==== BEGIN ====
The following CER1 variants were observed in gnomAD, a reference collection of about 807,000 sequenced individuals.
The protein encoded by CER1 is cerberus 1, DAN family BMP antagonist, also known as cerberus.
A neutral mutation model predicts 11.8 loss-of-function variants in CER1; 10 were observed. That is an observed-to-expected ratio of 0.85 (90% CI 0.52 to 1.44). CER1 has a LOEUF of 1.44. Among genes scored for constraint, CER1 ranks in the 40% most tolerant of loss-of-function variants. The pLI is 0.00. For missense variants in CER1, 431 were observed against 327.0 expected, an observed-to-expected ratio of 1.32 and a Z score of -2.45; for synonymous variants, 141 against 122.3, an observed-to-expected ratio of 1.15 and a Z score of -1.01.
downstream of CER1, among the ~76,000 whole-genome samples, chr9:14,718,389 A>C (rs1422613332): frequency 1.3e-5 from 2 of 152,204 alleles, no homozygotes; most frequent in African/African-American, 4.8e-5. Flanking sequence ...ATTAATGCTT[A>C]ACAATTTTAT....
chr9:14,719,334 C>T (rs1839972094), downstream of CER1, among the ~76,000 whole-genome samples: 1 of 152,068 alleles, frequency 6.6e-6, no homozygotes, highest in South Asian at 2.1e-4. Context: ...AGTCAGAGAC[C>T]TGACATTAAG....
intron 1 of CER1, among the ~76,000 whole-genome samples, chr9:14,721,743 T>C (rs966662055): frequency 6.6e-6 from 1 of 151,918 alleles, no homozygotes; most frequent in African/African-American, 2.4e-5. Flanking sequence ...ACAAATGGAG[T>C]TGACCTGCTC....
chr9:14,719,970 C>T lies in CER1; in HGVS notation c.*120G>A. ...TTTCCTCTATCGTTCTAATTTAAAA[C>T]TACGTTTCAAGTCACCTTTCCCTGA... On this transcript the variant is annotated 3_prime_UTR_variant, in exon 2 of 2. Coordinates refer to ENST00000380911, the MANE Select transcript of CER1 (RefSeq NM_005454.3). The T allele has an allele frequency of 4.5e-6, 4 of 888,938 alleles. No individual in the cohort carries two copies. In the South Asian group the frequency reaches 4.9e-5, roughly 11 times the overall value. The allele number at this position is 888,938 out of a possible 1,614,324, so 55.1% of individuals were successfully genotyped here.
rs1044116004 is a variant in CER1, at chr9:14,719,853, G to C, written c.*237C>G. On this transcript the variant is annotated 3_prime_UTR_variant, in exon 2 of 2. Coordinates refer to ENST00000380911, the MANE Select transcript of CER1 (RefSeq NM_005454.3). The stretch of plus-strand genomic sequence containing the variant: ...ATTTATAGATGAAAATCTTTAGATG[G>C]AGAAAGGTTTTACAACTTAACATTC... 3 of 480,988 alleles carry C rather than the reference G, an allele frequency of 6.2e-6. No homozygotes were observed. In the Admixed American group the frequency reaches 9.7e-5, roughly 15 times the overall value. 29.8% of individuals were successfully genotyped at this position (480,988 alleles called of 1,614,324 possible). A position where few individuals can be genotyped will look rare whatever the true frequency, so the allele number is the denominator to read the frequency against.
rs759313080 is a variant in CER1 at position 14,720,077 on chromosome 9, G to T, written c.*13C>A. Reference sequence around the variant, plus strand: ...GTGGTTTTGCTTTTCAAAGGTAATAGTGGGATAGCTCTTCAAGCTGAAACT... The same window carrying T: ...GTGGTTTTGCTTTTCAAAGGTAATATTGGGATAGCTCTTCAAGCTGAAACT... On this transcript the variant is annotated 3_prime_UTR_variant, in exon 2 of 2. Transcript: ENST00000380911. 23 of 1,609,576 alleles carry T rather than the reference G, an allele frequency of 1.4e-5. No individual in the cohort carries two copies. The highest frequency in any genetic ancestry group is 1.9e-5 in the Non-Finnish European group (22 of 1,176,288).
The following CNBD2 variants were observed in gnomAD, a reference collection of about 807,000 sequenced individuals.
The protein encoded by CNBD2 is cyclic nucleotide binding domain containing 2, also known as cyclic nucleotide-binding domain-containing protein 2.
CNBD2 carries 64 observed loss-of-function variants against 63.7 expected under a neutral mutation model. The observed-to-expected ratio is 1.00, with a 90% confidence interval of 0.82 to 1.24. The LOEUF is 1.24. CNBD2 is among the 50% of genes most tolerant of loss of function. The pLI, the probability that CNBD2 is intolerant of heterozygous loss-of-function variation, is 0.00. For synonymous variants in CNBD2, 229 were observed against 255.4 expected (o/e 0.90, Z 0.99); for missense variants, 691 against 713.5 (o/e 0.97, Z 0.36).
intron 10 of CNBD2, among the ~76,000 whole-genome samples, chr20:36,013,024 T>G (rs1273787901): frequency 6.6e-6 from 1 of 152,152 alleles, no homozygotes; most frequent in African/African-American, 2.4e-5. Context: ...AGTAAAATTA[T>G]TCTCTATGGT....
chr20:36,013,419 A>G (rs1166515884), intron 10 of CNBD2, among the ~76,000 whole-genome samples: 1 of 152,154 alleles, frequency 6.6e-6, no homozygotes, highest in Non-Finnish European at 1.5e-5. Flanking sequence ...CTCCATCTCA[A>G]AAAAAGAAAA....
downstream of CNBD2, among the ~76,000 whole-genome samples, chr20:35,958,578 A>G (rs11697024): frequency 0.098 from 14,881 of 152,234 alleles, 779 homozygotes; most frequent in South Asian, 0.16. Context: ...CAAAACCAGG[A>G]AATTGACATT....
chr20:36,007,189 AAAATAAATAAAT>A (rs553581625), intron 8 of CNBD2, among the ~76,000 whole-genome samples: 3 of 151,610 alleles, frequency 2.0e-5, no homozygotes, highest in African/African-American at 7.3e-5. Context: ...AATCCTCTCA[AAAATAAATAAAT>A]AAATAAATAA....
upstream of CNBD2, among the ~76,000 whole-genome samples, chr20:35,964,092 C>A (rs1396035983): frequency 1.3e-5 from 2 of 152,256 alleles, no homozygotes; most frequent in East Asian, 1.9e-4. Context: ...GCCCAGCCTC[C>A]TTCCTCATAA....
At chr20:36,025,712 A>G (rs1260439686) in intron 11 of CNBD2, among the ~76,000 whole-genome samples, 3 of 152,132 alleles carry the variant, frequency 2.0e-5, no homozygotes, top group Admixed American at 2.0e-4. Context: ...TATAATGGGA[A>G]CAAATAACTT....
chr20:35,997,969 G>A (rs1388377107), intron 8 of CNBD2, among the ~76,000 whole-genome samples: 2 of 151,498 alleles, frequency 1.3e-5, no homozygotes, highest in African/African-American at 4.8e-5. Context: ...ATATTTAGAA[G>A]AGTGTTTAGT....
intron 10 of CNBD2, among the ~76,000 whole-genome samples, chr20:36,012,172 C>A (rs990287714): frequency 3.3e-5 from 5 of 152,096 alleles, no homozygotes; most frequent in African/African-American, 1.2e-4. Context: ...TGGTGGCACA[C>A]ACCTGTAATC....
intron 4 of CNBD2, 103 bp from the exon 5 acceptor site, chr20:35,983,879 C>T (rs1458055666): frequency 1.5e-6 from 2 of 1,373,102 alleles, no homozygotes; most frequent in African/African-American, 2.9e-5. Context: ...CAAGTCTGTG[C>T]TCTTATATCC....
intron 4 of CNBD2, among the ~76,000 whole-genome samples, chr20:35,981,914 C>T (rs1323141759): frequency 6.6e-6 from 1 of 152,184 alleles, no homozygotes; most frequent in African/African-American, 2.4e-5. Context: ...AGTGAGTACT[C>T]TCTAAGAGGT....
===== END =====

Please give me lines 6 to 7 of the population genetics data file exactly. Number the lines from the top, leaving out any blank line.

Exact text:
intron 1 of CER1, among the ~76,000 whole-genome samples, chr9:14,721,743 T>C (rs966662055): frequency 6.6e-6 from 1 of 151,918 alleles, no homozygotes; most frequent in African/African-American, 2.4e-5. Flanking sequence ...ACAAATGGAG[T>C]TGACCTGCTC....
chr9:14,719,970 C>T lies in CER1; in HGVS notation c.*120G>A. ...TTTCCTCTATCGTTCTAATTTAAAA[C>T]TACGTTTCAAGTCACCTTTCCCTGA... On this transcript the variant is annotated 3_prime_UTR_variant, in exon 2 of 2. Coordinates refer to ENST00000380911, the MANE Select transcript of CER1 (RefSeq NM_005454.3). The T allele has an allele frequency of 4.5e-6, 4 of 888,938 alleles. No individual in the cohort carries two copies. In the South Asian group the frequency reaches 4.9e-5, roughly 11 times the overall value. The allele number at this position is 888,938 out of a possible 1,614,324, so 55.1% of individuals were successfully genotyped here.